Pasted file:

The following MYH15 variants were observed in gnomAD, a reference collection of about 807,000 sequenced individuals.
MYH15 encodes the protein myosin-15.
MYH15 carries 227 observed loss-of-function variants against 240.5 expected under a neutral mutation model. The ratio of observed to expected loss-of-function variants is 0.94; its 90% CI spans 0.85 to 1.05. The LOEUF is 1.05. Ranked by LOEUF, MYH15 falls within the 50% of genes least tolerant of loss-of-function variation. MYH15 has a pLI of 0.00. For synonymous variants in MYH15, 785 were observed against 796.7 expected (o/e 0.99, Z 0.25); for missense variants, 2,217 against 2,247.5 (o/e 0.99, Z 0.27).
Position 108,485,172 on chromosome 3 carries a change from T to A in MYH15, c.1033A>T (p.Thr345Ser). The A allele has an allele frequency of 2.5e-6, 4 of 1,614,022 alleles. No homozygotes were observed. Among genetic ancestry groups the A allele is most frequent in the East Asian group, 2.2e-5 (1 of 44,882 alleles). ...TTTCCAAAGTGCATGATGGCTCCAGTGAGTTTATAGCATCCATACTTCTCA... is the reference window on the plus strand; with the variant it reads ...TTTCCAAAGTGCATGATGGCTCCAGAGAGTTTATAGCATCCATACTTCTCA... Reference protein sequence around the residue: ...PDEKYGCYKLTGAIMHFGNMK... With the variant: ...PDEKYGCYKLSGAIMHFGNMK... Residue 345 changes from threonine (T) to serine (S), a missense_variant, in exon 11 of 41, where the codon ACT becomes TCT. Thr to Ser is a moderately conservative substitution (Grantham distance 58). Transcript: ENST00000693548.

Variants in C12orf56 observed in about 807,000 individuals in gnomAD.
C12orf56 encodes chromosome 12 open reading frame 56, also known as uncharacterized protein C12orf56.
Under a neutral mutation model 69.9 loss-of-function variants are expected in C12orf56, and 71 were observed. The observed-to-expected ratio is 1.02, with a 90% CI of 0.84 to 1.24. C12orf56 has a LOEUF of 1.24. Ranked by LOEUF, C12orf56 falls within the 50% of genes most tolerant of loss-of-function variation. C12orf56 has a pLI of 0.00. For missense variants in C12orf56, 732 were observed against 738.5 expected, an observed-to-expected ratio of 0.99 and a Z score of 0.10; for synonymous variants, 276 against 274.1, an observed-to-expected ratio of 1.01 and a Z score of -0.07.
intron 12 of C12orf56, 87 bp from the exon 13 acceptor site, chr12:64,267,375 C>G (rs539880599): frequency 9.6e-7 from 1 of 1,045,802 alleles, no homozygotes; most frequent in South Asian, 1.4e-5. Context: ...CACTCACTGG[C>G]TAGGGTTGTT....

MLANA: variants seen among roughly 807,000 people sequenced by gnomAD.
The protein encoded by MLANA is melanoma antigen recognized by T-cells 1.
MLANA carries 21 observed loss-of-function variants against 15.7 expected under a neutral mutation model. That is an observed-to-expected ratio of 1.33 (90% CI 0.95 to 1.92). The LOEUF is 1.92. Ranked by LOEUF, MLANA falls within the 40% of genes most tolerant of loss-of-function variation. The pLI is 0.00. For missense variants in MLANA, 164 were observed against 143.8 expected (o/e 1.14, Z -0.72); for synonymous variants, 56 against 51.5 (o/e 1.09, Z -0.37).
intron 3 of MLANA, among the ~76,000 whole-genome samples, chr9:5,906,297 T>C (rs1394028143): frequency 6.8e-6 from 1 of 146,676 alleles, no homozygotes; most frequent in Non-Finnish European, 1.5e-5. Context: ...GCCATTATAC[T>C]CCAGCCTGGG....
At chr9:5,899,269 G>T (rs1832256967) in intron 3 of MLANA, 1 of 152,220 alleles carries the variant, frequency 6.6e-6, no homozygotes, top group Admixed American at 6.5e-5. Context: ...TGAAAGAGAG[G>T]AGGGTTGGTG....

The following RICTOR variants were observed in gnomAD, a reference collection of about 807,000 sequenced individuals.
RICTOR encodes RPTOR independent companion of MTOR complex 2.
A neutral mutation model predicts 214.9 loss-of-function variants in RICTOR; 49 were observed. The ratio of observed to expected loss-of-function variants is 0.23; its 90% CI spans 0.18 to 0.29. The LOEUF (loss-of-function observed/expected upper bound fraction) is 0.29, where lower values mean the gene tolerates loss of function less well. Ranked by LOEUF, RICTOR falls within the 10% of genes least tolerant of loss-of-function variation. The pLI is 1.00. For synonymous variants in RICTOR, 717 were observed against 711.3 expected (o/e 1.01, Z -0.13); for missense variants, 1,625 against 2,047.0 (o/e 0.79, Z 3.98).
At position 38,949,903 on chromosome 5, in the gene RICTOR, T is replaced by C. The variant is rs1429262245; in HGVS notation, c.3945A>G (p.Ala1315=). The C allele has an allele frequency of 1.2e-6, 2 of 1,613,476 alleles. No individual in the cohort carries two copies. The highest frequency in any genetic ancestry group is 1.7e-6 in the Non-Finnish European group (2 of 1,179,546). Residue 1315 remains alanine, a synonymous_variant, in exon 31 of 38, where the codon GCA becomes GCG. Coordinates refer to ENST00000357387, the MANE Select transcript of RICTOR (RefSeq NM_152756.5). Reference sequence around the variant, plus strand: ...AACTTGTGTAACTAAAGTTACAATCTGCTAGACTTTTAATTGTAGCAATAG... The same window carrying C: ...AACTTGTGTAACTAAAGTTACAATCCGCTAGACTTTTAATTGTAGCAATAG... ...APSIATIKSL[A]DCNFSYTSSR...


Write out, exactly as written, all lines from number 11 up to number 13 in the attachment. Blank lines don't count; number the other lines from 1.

MLANA carries 21 observed loss-of-function variants against 15.7 expected under a neutral mutation model. That is an observed-to-expected ratio of 1.33 (90% CI 0.95 to 1.92). The LOEUF is 1.92. Ranked by LOEUF, MLANA falls within the 40% of genes most tolerant of loss-of-function variation. The pLI is 0.00. For missense variants in MLANA, 164 were observed against 143.8 expected (o/e 1.14, Z -0.72); for synonymous variants, 56 against 51.5 (o/e 1.09, Z -0.37).
intron 3 of MLANA, among the ~76,000 whole-genome samples, chr9:5,906,297 T>C (rs1394028143): frequency 6.8e-6 from 1 of 146,676 alleles, no homozygotes; most frequent in Non-Finnish European, 1.5e-5. Context: ...GCCATTATAC[T>C]CCAGCCTGGG....
At chr9:5,899,269 G>T (rs1832256967) in intron 3 of MLANA, 1 of 152,220 alleles carries the variant, frequency 6.6e-6, no homozygotes, top group Admixed American at 6.5e-5. Context: ...TGAAAGAGAG[G>T]AGGGTTGGTG....